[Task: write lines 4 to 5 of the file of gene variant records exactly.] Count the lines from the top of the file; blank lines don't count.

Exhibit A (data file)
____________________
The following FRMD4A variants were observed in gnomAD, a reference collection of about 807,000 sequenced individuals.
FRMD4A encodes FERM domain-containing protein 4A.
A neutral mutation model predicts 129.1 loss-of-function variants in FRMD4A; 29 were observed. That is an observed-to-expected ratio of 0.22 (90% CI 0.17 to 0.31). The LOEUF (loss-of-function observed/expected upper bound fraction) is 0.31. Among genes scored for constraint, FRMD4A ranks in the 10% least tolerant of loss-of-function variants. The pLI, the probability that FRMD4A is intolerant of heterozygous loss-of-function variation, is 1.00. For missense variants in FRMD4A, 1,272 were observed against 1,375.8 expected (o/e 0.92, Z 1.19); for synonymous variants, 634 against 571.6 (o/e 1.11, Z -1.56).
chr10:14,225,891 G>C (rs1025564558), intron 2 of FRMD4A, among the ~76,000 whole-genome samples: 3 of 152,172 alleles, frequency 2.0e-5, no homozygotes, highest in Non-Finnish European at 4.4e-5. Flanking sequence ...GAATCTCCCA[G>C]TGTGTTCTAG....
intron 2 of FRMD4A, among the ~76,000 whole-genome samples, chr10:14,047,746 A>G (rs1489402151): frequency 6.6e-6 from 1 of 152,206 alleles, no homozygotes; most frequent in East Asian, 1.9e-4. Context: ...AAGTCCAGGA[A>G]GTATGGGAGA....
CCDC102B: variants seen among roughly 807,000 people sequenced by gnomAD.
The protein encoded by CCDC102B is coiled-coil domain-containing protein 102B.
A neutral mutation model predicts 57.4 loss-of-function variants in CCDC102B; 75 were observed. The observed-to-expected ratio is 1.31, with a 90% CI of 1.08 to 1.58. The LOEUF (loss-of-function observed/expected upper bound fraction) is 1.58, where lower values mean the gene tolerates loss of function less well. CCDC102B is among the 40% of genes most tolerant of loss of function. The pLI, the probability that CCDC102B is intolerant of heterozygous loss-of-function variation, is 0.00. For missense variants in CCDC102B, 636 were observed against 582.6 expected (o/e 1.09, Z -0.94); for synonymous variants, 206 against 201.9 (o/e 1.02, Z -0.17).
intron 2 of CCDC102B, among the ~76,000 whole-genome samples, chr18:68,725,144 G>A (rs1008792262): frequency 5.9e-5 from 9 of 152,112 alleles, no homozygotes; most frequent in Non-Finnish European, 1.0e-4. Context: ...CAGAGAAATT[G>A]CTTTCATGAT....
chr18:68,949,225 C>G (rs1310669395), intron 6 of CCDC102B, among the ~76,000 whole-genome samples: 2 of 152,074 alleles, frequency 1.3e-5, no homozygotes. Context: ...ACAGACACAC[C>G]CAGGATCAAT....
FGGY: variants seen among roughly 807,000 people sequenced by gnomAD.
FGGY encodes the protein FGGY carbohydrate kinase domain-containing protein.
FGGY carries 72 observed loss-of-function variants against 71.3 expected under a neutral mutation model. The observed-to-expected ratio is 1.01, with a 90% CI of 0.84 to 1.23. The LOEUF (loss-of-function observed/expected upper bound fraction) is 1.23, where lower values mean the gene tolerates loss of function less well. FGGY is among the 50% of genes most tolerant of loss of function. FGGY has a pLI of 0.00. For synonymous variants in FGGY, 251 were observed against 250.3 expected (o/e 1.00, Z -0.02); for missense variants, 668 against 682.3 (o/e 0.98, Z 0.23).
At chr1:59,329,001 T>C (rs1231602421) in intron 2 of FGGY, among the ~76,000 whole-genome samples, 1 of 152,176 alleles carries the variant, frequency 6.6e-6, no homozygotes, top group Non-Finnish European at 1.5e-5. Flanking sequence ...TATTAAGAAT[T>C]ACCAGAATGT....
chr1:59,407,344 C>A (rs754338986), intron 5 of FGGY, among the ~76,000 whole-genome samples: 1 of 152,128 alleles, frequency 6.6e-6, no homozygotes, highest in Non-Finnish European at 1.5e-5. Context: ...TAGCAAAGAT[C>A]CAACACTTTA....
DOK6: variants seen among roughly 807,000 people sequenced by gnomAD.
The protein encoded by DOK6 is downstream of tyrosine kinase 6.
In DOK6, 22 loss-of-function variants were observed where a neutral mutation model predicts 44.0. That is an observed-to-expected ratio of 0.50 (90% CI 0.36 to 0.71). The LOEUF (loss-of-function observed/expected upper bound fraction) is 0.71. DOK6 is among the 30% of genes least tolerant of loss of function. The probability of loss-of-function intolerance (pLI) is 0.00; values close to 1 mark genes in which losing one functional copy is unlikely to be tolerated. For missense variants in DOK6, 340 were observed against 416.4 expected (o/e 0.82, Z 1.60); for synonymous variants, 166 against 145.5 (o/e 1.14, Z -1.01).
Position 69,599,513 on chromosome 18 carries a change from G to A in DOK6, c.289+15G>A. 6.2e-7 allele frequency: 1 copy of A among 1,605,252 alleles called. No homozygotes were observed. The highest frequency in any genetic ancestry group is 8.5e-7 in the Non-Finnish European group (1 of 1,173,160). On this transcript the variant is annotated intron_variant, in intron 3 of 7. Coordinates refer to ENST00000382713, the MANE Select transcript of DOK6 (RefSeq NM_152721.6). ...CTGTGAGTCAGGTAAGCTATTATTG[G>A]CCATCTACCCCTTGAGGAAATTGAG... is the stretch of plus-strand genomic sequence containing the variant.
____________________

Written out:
chr10:14,225,891 G>C (rs1025564558), intron 2 of FRMD4A, among the ~76,000 whole-genome samples: 3 of 152,172 alleles, frequency 2.0e-5, no homozygotes, highest in Non-Finnish European at 4.4e-5. Flanking sequence ...GAATCTCCCA[G>C]TGTGTTCTAG....
intron 2 of FRMD4A, among the ~76,000 whole-genome samples, chr10:14,047,746 A>G (rs1489402151): frequency 6.6e-6 from 1 of 152,206 alleles, no homozygotes; most frequent in East Asian, 1.9e-4. Context: ...AAGTCCAGGA[A>G]GTATGGGAGA....